As a part of our expanding initiatives in Diversity, Equity, and Inclusion, the PCMA Capital Chapter has worked hard to provide exposure to global and national awareness months and days. Some are celebrations, others memorials reminding of the loss and sacrifice along the road towards equity and inclusion.
June is no exception as we celebrate LGBTQIA Pride, and Juneteenth. Both are celebrations of major steps towards freedom and equality, but both originate from systemic hate, inequality, and marginalization of humans and human rights.
Originally known as “LGBT” (Lesbian, Gay, Bisexual, and Transgender) and now LGBTQIA (adding Queer, Intersex, and Asexual/Agender) in order to represent the full spectrum of sexual orientation and identity, was established to commemorate the Stonewall riots that occurred on June 28, 1969.
Following a police raid on the Stonewall Inn, a gay bar in New York City; lesbian, gay, bisexual, and transgender persons rioted. This riot and protests spanning several nights were the watershed moment in the modern LGBT rights movement and the impetus for organizing LGBT pride marches.
Juneteenth, celebrates the emancipation of Enslaved African Americans on June 19, 1865. Originating in Galveston, Texas via general order number 3 proclaiming freedom for all slaves in Texas.
While President Abraham Lincoln’s Emancipation Proclamation of 1862 had officially outlawed slavery, this was often not enforced until Union soldiers arrived to enforce it. Texas was one of the last states to officially proclaim freedom of slaves.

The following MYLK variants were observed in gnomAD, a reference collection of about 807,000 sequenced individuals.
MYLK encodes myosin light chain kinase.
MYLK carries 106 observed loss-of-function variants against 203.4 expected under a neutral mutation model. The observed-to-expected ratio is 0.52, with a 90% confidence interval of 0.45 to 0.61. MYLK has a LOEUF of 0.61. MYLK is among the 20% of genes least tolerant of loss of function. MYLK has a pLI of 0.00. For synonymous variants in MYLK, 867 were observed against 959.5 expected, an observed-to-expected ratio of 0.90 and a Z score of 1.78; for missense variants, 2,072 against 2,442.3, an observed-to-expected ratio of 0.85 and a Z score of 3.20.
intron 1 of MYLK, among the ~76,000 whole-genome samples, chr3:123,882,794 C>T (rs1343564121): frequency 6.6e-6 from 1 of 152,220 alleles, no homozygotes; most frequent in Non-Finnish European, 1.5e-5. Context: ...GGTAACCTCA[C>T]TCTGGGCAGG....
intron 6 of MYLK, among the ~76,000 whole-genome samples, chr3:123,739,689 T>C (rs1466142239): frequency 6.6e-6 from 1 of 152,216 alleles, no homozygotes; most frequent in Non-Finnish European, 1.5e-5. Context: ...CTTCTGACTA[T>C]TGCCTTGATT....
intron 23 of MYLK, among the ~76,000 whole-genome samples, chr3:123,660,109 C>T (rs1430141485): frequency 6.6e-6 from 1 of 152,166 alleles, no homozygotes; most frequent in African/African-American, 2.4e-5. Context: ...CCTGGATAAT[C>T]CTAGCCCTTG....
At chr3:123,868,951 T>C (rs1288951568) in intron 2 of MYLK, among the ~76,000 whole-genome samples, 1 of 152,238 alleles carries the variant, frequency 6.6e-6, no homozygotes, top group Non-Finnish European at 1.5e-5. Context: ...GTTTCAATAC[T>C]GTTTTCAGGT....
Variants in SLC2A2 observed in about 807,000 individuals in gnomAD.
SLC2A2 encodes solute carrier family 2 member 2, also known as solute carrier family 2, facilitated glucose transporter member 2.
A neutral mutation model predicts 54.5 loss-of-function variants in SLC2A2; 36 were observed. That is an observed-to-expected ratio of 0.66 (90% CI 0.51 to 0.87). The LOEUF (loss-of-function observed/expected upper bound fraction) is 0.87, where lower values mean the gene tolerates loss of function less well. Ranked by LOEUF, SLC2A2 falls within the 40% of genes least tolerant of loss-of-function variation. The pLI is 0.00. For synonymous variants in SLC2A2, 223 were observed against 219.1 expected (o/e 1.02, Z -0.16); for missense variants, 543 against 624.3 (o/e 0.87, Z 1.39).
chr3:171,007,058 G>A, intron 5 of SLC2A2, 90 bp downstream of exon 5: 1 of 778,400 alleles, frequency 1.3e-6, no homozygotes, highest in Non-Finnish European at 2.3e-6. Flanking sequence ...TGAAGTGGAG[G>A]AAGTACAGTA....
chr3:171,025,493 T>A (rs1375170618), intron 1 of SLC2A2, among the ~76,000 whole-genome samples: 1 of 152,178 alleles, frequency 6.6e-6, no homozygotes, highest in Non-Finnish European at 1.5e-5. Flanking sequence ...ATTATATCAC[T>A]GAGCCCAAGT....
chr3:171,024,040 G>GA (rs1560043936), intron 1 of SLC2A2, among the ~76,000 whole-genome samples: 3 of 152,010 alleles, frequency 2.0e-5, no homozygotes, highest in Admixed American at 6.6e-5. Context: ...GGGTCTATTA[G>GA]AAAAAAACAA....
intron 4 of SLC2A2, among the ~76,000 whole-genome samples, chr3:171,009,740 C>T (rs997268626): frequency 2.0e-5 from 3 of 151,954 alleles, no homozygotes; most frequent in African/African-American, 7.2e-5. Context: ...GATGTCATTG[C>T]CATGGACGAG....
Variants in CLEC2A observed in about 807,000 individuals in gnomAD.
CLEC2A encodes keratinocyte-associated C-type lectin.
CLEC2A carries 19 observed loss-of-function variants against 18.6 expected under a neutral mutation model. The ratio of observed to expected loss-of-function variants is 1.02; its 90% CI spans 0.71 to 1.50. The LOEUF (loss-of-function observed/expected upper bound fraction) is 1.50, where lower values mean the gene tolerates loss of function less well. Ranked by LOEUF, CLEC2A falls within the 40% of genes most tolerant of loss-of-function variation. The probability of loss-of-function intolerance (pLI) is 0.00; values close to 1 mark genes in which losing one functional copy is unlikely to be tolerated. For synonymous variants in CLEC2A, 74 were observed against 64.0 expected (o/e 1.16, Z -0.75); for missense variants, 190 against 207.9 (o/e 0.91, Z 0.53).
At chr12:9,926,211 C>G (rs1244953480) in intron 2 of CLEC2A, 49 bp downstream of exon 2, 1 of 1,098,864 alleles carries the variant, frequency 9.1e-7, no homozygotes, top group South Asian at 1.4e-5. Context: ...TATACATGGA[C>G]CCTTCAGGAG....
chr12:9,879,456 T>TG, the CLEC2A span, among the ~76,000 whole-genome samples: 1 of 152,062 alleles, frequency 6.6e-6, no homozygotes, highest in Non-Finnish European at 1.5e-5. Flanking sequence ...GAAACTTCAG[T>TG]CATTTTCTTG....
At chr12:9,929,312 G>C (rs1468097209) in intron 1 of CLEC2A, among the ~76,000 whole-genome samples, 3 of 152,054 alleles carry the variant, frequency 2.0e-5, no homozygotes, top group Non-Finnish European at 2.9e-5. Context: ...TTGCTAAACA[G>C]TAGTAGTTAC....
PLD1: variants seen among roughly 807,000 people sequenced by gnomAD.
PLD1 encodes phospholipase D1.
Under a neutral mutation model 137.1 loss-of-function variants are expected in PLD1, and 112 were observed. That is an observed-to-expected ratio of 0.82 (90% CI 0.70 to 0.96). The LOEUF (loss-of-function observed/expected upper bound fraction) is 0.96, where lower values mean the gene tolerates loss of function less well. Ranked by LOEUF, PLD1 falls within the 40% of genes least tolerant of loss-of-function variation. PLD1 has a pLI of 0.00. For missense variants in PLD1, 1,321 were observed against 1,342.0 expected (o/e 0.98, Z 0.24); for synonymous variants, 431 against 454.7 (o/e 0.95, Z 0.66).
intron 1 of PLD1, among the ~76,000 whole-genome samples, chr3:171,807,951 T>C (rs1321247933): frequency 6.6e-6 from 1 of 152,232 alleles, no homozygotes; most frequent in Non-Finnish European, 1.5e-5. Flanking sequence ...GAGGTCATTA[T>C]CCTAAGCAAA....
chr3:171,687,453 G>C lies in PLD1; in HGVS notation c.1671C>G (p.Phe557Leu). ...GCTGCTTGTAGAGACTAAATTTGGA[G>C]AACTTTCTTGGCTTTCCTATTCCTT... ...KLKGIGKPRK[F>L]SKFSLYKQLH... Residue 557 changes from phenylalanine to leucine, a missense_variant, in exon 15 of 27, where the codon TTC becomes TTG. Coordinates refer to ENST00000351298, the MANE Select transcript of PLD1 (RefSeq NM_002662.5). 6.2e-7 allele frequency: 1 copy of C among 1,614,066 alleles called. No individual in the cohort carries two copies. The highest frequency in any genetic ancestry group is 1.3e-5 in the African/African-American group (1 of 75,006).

On June 17th, 2021 Juneteenth was finally recognized as a federal holiday when President Joe Biden signed the Juneteenth National Independence Day Act into law.
Both of these important events celebrate the progress in the fight for equality across the diversity spectrum. They must, like all national/global awareness initiatives, remind us of the work to still be done to end systemic racism, hate, and inequality.
I am proud to have the ability to serve the PCMA Capital Chapter as an open and out Gay man, and acutely aware of the work generations before fought to enable me to be who I am, and where I am today, open and with pride.
We still have work to do, people to bring to the table, and systemic changes to create a welcoming and equitable world, but it is important for us all to recognize and never forget the accomplishments made by community members in the past.
Happy Pride, and happy Juneteenth! Thank you for supporting and working towards continued awareness and equality in our community.
Senior Director of Meetings & Events, Americans for the Arts
President, PCMA Capital Chapter